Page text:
On normal days, this prominent location underscores that the U.S. is an engaged and important presence in Egyptian affairs. This past week, it made the building a quickly accessible assembly point for protesters and the site of a violent stand-off.
Issues like these are the subject of serious debate in the world of embassy design, where architects try to construct buildings that will, in good times and bad, represent American values while they withstand the force of bombs. For the people who build embassies, that’s a difficult balance, and one that has shifted many times in the last few decades between two competing schools of thought: isolation and civic engagement.
Read more. [Images: State Department/SOM]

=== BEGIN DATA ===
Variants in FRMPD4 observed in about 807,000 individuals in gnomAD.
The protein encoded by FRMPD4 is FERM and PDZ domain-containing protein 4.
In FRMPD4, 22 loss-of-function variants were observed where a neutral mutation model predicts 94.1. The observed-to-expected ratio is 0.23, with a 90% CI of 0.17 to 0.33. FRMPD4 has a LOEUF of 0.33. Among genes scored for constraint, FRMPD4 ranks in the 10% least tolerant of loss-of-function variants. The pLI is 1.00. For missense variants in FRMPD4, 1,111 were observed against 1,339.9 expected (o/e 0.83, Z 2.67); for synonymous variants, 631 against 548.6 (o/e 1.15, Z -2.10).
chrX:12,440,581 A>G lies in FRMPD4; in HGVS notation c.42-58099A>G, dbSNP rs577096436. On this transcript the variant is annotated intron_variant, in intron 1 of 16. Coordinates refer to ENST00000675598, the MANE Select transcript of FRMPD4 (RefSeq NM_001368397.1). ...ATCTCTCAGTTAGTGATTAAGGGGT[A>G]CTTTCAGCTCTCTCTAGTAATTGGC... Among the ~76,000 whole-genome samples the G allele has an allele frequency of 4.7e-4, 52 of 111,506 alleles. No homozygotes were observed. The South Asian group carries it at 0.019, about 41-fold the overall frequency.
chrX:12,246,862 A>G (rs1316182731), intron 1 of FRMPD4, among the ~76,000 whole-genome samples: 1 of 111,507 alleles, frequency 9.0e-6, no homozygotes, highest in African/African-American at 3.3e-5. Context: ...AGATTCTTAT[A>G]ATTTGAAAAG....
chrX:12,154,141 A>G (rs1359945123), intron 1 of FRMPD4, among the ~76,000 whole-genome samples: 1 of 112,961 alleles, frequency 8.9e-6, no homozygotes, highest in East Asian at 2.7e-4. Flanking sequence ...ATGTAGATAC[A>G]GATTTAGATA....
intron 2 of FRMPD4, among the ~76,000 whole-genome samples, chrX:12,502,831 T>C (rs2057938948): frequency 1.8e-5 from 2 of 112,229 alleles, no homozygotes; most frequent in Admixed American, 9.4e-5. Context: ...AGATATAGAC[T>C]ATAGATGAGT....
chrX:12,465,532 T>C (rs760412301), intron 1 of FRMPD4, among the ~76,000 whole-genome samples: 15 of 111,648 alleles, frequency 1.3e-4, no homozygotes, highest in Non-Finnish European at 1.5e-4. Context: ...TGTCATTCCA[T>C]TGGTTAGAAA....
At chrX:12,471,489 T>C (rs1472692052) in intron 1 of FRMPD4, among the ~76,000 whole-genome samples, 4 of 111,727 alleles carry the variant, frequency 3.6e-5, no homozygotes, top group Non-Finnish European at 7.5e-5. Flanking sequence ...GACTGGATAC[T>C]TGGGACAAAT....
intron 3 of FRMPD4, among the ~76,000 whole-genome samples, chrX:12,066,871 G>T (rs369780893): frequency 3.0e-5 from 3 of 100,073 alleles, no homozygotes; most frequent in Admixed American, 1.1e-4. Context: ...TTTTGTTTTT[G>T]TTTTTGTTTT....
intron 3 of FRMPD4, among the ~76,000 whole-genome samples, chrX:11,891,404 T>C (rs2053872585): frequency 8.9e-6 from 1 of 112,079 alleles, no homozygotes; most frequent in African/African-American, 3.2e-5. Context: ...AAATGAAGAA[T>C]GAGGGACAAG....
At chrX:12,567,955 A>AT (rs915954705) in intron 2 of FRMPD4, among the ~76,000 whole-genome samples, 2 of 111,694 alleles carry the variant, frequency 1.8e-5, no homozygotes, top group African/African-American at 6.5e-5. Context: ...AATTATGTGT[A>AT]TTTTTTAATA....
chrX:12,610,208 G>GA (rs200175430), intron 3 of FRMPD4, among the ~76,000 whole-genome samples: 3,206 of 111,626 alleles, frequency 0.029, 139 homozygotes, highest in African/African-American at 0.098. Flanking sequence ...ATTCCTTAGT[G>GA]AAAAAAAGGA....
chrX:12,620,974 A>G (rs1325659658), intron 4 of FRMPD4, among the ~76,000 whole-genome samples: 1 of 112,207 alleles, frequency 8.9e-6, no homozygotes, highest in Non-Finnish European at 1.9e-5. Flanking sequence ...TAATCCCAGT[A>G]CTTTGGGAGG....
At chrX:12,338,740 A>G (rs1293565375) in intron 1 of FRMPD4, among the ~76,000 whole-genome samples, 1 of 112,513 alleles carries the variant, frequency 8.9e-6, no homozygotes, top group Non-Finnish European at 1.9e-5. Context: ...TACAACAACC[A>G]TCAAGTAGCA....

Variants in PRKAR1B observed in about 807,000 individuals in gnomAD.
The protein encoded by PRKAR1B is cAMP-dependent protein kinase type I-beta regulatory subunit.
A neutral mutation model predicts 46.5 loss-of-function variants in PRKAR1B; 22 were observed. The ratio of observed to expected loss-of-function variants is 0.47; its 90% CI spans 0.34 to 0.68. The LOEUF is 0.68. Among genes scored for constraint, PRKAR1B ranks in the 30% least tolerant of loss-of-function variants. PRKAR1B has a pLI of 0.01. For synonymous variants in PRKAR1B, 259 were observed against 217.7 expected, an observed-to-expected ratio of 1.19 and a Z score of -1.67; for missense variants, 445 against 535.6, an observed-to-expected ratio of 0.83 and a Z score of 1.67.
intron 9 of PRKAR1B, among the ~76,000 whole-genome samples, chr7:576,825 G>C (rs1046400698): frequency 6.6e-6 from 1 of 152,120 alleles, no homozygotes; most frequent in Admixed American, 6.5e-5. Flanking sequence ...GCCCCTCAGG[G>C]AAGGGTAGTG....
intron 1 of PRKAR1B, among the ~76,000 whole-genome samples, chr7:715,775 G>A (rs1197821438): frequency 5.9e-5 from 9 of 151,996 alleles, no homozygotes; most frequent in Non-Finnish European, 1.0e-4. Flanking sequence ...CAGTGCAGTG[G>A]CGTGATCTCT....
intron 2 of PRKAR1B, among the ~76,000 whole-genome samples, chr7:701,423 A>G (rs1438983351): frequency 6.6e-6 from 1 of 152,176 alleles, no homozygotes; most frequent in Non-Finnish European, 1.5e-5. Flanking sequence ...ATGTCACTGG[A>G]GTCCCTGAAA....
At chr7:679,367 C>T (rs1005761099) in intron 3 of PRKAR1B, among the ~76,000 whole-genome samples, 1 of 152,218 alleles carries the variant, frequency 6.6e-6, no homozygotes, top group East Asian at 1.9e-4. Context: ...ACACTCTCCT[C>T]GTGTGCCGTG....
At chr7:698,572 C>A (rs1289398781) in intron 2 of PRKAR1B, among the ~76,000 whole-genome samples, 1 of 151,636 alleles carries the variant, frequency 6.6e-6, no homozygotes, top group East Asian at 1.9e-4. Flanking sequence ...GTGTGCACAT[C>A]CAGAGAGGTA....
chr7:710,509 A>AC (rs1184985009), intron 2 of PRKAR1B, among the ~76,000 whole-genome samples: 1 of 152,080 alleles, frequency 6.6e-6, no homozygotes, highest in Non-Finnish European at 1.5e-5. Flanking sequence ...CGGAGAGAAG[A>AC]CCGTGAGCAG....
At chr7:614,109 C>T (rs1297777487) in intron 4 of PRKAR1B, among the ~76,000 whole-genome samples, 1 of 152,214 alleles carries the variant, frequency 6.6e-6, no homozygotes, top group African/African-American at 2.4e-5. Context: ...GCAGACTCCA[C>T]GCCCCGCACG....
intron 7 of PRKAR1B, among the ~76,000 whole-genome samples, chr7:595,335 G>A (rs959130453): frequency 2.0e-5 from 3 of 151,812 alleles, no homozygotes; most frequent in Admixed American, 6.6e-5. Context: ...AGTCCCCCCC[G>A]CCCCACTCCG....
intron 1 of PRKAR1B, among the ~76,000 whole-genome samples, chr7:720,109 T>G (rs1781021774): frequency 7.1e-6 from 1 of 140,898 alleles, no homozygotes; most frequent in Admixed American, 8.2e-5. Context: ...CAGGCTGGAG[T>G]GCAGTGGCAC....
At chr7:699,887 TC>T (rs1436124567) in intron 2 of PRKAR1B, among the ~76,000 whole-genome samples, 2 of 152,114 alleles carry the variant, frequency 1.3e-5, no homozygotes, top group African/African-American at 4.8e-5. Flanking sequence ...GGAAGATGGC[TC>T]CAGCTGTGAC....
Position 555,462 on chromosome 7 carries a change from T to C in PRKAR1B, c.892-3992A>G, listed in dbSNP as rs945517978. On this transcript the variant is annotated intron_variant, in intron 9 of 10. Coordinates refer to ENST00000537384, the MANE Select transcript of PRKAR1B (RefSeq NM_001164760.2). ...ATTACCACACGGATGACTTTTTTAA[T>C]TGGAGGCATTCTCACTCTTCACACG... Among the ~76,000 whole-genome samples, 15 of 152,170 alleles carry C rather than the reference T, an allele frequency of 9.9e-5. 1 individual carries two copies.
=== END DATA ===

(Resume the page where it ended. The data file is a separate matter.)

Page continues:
If the foreign-policy controversy currently engulfing the campaign is just a matter of timing and propriety, it’s not a particularly revealing contrast between the candidates. The real question is what substantive critique lies behind Romney’s criticism, and what it tells us about how he would conduct foreign policy differently. And here, beneath the campaigns’ petty back-and-forth, there is a real and revealing debate to be discerned[…]
To Obama and his team, the best leadership is cautious, thoughtful, and situationally based. To Romney, true leadership means being at the front of every parade. It means reacting with clarity, certainty and a ringing reiteration of American strength to every crisis, a certainty born of underlying ideals so secure that it is not altered by intervening events or changing facts on the ground.
Read more. [Image: Reuters]